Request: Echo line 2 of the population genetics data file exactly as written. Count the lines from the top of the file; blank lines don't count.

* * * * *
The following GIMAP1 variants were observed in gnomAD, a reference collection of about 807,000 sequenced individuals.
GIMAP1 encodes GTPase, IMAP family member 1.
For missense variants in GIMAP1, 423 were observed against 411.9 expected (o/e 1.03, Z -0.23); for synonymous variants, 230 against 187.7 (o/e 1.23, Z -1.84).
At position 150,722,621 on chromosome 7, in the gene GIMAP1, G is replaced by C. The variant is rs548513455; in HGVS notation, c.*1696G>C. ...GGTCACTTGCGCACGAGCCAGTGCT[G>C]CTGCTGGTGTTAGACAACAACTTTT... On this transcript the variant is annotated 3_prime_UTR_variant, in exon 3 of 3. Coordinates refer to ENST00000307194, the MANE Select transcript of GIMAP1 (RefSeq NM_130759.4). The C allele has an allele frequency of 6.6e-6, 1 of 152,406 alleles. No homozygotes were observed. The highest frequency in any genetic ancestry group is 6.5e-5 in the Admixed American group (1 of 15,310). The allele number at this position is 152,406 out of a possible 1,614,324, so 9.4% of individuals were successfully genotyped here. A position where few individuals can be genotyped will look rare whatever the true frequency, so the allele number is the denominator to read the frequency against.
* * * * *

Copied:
GIMAP1 encodes GTPase, IMAP family member 1.